Is India Ready For A Maritime Renaissance? INS Vikrant’s Success And The Imperative For IAC-2

The geostrategic challenges demand a proactive approach, urging the nation to invest in naval capabilities and embrace the maritime domain wholeheartedly. As the Indo-Pacific undergoes a ‘strategic churn,’ India’s choices today will determine its standing in the maritime-centric world of tomorrow.

India’s geopolitical fortunes are intricately tied to its geography, and the nation stands at the cusp of a maritime renaissance. The strategic significance of India’s central position in the Indian Ocean Region (IOR) cannot be overstated. Its location astride crucial sea lanes bestows immense advantages, offering a platform for projecting power, ensuring mobility, and influencing maritime space. However, with great opportunities come significant responsibilities, and India finds itself at the epicentre of the ongoing ‘strategic churn’ in the Indo-Pacific region.

In the contemporary geopolitical landscape, the Indo-Pacific region is characterized by multi-layered diversity and interconnectivity. Recognizing the maritime centrality of the world, India has steadily grown in an interconnected global order that heavily relies on oceanic routes. As the world becomes increasingly maritime-centric, India’s future is inherently linked to the Indian Ocean, and neglecting the maritime domain would be at the nation’s peril.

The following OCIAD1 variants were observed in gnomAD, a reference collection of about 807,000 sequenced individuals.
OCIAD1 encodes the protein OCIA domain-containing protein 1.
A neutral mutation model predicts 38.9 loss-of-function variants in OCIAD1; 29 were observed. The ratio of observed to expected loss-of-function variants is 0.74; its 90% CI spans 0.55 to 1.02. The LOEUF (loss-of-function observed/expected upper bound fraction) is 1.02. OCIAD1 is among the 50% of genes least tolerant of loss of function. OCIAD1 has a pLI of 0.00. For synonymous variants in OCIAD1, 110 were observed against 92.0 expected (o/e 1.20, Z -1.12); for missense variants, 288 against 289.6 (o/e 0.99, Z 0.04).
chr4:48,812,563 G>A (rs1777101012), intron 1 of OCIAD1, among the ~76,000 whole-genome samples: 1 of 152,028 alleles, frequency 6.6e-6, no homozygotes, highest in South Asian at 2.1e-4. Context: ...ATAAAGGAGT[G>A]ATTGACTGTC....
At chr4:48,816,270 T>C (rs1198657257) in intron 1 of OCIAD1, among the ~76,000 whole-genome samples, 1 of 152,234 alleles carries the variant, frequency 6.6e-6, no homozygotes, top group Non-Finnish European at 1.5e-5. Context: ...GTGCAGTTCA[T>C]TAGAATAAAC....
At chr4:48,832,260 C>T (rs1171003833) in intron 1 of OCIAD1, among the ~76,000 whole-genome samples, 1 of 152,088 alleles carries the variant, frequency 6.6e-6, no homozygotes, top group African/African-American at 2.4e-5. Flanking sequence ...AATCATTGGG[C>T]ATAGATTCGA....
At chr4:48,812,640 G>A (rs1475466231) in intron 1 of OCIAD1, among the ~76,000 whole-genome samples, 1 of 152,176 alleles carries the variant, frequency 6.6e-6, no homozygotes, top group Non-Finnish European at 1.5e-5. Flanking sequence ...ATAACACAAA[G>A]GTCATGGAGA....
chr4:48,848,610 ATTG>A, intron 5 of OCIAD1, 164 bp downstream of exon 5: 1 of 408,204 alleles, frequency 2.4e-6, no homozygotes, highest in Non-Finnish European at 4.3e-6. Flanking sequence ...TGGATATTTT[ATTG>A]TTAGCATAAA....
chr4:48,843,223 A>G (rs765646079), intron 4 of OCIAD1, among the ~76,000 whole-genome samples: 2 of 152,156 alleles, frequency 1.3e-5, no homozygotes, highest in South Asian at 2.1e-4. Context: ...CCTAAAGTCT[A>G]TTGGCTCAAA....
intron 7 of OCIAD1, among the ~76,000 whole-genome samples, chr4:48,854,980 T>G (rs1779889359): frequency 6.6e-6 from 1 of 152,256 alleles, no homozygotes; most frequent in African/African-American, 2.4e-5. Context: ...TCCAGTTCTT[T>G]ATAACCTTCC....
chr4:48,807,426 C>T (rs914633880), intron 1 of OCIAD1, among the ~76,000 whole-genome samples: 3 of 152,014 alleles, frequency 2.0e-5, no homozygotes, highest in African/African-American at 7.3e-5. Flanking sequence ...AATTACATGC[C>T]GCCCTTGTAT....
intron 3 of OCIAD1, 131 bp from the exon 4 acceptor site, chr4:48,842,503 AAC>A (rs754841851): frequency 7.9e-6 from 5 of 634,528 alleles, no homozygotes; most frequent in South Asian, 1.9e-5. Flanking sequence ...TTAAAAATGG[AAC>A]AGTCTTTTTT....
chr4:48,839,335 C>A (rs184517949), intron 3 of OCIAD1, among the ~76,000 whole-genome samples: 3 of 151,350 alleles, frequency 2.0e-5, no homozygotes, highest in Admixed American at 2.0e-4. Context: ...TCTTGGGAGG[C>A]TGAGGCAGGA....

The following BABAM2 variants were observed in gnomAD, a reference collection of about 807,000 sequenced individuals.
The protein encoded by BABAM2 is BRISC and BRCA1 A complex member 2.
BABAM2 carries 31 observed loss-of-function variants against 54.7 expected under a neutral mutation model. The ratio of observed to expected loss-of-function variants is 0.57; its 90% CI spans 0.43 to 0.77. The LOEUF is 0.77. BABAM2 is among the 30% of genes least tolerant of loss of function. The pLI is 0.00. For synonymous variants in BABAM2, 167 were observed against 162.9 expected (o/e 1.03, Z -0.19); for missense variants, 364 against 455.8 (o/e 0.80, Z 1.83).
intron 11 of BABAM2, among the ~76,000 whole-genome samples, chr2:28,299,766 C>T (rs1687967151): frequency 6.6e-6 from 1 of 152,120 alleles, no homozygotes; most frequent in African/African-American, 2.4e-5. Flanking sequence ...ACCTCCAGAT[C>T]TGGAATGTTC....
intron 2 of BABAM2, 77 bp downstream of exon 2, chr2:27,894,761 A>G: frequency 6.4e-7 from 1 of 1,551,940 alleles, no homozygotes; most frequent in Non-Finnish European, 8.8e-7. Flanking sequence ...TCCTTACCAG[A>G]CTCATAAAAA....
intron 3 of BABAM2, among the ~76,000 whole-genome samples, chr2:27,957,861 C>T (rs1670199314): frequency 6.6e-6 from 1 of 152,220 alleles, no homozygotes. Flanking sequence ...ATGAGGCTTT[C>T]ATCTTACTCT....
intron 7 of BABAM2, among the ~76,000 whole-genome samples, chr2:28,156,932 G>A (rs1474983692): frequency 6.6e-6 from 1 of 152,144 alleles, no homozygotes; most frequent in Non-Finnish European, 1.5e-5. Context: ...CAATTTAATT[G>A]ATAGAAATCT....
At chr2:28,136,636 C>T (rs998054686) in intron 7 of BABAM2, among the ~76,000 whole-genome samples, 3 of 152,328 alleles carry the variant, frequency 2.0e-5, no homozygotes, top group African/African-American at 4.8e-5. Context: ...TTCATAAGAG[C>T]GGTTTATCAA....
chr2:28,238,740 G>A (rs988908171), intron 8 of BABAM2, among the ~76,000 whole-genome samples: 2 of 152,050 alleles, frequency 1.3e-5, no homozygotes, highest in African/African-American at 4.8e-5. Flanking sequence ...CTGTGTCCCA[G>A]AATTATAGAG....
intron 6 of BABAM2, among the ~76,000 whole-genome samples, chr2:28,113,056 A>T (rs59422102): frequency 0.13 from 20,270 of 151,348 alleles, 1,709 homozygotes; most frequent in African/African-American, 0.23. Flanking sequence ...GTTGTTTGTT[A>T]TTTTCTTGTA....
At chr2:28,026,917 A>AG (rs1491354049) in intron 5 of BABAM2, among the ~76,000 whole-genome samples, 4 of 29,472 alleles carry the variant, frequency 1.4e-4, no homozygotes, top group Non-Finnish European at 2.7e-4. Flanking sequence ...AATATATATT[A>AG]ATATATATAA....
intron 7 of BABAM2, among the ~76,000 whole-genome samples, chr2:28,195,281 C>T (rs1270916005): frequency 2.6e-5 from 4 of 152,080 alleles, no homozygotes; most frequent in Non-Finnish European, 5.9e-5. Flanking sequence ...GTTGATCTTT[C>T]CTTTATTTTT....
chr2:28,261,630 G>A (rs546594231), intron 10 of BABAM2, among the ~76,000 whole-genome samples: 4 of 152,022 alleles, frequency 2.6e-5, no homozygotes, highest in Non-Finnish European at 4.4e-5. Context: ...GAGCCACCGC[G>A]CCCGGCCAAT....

India’s First Indigenous Aircraft Carrier – A Symbol of Maritime Prowess

The recent induction of India’s first indigenous aircraft carrier, INS Vikrant, marks a historic milestone. The roots of India’s aircraft carrier saga date back to 1961 with the commissioning of INS Vikrant. The evolution from a CATOBAR (Catapult-Assisted Take-Off but Arrested Recovery) Light Carrier to a STOVL (Short Take, Vertical Landing) carrier showcased India’s commitment to maritime capabilities.

The Indigenous Aircraft Carrier (IAC-1) project, initiated in 1997, is a testament to India’s prowess in complex shipbuilding. Designed by the Navy’s bureau with global consultancies, it was constructed by Cochin Shipyard Limited, showcasing India as one of the few nations capable of designing and building aircraft carriers. Despite delays, the project demonstrated India’s ability to innovate, developing indigenous marine-grade steel and other critical subsystems.

The Need for IAC-2 – A Prerequisite for Maritime Power Projection

While celebrating the success of INS Vikrant, the focus must shift to the future with the pressing need for IAC-2. The debate surrounding aircraft carriers, including cost, vulnerability, and the efficacy of air defence, mirrors past discussions during the inception of IAC-1. The investment required for IAC-2 can be accommodated within the Navy’s share of the defence budget, especially if it returns to the 18% share it held in 2012.